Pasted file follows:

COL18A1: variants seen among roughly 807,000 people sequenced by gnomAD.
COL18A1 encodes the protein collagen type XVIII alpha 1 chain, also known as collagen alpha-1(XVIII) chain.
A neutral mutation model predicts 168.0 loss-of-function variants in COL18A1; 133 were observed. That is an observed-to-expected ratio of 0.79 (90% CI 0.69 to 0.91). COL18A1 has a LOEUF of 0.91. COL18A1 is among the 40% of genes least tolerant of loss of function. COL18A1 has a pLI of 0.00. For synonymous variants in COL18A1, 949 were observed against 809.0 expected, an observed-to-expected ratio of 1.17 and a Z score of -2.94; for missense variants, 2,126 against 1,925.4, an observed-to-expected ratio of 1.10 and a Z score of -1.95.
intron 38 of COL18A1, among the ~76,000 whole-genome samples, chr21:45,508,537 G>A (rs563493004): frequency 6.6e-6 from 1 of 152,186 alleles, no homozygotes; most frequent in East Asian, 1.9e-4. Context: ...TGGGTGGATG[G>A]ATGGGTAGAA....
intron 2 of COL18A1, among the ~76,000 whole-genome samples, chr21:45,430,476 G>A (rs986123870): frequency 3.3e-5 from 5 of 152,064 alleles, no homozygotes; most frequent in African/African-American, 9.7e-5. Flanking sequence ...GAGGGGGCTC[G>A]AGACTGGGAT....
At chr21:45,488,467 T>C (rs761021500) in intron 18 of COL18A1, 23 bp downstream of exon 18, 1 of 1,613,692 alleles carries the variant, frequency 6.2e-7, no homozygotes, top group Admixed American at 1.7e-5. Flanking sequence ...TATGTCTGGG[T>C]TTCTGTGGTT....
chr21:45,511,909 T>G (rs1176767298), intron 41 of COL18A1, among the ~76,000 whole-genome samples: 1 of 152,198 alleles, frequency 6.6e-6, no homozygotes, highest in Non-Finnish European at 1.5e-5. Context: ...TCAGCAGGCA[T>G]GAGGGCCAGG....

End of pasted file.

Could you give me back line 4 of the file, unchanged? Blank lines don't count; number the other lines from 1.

intron 38 of COL18A1, among the ~76,000 whole-genome samples, chr21:45,508,537 G>A (rs563493004): frequency 6.6e-6 from 1 of 152,186 alleles, no homozygotes; most frequent in East Asian, 1.9e-4. Context: ...TGGGTGGATG[G>A]ATGGGTAGAA....